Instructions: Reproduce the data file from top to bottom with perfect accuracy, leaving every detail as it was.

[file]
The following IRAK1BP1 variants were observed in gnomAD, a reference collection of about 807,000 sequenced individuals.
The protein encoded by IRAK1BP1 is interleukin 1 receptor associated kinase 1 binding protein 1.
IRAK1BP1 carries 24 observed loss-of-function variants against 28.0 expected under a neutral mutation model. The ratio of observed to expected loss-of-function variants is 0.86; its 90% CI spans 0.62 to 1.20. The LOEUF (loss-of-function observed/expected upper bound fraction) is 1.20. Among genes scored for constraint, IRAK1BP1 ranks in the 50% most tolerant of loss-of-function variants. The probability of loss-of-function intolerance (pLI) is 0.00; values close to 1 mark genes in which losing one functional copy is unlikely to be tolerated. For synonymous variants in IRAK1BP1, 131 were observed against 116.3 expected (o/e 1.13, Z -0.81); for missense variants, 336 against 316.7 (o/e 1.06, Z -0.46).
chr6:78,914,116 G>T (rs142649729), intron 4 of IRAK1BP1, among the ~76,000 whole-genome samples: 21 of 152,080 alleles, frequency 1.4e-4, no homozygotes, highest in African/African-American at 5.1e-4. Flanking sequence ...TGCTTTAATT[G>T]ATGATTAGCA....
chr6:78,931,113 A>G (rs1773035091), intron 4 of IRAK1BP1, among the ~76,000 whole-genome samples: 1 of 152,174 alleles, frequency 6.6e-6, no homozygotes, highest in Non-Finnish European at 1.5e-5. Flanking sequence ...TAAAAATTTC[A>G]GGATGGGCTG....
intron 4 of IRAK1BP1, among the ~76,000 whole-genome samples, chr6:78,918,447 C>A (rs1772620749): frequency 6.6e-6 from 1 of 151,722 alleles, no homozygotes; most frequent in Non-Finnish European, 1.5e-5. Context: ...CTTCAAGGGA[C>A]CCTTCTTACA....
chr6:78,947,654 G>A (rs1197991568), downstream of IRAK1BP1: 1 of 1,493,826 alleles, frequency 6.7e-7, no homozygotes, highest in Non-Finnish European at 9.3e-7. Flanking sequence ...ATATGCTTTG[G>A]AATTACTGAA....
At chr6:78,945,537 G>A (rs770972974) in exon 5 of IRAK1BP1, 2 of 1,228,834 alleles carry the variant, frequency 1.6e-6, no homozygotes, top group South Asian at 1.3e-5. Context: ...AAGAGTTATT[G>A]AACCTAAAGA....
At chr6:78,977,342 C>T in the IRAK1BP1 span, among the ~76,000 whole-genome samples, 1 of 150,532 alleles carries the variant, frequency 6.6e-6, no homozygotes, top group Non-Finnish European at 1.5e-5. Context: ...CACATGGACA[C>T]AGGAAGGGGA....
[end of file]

The following IRAK1BP1 variants were observed in gnomAD, a reference collection of about 807,000 sequenced individuals.
The protein encoded by IRAK1BP1 is interleukin 1 receptor associated kinase 1 binding protein 1.
IRAK1BP1 carries 24 observed loss-of-function variants against 28.0 expected under a neutral mutation model. The ratio of observed to expected loss-of-function variants is 0.86; its 90% CI spans 0.62 to 1.20. The LOEUF (loss-of-function observed/expected upper bound fraction) is 1.20. Among genes scored for constraint, IRAK1BP1 ranks in the 50% most tolerant of loss-of-function variants. The probability of loss-of-function intolerance (pLI) is 0.00; values close to 1 mark genes in which losing one functional copy is unlikely to be tolerated. For synonymous variants in IRAK1BP1, 131 were observed against 116.3 expected (o/e 1.13, Z -0.81); for missense variants, 336 against 316.7 (o/e 1.06, Z -0.46).
chr6:78,914,116 G>T (rs142649729), intron 4 of IRAK1BP1, among the ~76,000 whole-genome samples: 21 of 152,080 alleles, frequency 1.4e-4, no homozygotes, highest in African/African-American at 5.1e-4. Flanking sequence ...TGCTTTAATT[G>T]ATGATTAGCA....
chr6:78,931,113 A>G (rs1773035091), intron 4 of IRAK1BP1, among the ~76,000 whole-genome samples: 1 of 152,174 alleles, frequency 6.6e-6, no homozygotes, highest in Non-Finnish European at 1.5e-5. Flanking sequence ...TAAAAATTTC[A>G]GGATGGGCTG....
intron 4 of IRAK1BP1, among the ~76,000 whole-genome samples, chr6:78,918,447 C>A (rs1772620749): frequency 6.6e-6 from 1 of 151,722 alleles, no homozygotes; most frequent in Non-Finnish European, 1.5e-5. Context: ...CTTCAAGGGA[C>A]CCTTCTTACA....
chr6:78,947,654 G>A (rs1197991568), downstream of IRAK1BP1: 1 of 1,493,826 alleles, frequency 6.7e-7, no homozygotes, highest in Non-Finnish European at 9.3e-7. Flanking sequence ...ATATGCTTTG[G>A]AATTACTGAA....
At chr6:78,945,537 G>A (rs770972974) in exon 5 of IRAK1BP1, 2 of 1,228,834 alleles carry the variant, frequency 1.6e-6, no homozygotes, top group South Asian at 1.3e-5. Context: ...AAGAGTTATT[G>A]AACCTAAAGA....
At chr6:78,977,342 C>T in the IRAK1BP1 span, among the ~76,000 whole-genome samples, 1 of 150,532 alleles carries the variant, frequency 6.6e-6, no homozygotes, top group Non-Finnish European at 1.5e-5. Context: ...CACATGGACA[C>T]AGGAAGGGGA....